Every time Hollywood releases a prestigious drama between June and August - Saving Private Ryan, The Road to Perdition, Seabiscuit - a big deal is made about whether audiences are "ready" for weightier fare in the summer months, as if the movie-going public, en masse, annually says, "But it's summer vacation! I don't want to think!" To my mind, this question of "Will audiences show up?" is a mostly pointless one, because (1) these movies don't expect you to think much, and (2) they generally go on to earn a bundle, having cornered the market on cineplex heft.
The American period drama has become as much a summertime staple as the action blockbuster with a Roman numeral in its title or the CGI-animated family comedy. And while a little gravitas served with our annual menu of junk food is welcome, most summertime dramas are, in their way, as commercially, aggressively hyped as anything featuring Batman or Spider-Man. (You just won't see any Road to Perdition Happy Meals.) With their eyes on the Oscars and critics genuflecting on their behalf, movies of this ilk have their own built-in P.R.; the implication seems to be: You'd better appreciate this dramatic artistry now, because you're not getting more anytime soon.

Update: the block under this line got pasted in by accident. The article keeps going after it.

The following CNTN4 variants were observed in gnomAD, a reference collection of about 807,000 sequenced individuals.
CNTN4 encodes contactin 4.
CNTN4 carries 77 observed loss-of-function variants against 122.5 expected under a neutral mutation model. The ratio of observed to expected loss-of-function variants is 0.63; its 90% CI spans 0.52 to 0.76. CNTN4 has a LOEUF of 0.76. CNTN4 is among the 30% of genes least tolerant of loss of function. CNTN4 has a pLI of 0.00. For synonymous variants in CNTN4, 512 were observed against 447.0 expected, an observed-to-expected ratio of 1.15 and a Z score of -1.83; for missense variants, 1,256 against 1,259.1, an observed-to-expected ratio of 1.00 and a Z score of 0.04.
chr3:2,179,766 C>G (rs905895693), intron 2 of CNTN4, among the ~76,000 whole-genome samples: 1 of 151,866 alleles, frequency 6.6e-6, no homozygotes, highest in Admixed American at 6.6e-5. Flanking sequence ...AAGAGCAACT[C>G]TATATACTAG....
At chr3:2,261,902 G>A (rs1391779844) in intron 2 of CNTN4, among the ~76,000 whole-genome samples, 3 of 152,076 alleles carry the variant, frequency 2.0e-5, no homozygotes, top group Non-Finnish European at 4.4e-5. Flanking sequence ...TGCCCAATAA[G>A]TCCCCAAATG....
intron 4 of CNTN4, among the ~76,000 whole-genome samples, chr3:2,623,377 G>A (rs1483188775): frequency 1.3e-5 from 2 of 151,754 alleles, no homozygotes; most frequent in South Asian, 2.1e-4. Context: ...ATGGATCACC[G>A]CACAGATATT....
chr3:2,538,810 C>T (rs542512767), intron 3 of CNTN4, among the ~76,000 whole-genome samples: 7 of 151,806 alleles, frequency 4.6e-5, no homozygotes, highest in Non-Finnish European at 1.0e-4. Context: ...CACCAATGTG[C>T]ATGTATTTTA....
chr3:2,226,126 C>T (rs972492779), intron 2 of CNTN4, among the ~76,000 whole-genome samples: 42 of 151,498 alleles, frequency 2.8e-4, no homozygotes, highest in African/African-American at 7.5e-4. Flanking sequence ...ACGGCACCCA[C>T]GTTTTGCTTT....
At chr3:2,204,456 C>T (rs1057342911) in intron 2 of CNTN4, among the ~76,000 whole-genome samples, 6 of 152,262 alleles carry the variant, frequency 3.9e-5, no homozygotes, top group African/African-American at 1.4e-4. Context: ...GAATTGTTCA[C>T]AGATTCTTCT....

Ron Howard's Cinderella Man, which details the fall and rise of professional boxer James J. Braddock, is this season's helping of Oscar bait, and its publicity doesn't let you forget it for a moment, proudly touting the contributions of Academy Award winners Howard, Russell Crowe, Renee Zellweger, producer Brian Grazer, and co-screenwriter Akiva Goldsman. (You half-expect the trailers to intone, "And for your consideration ... Paul Giamatti.") As a root-for-the-underdog crowd-pleaser, Cinderella Man isn't bad; it does its job efficiently, and is blessed by a spectacular performance by Crowe and a wonderfully entertaining one by Giamatti, both of whom make the movie play far better than it deserves to. But I found the movie almost worthless as an actual drama, for the same reason I'm bothered by so many Ron Howard productions: It's based on a true story, and I didn't believe a minute of it.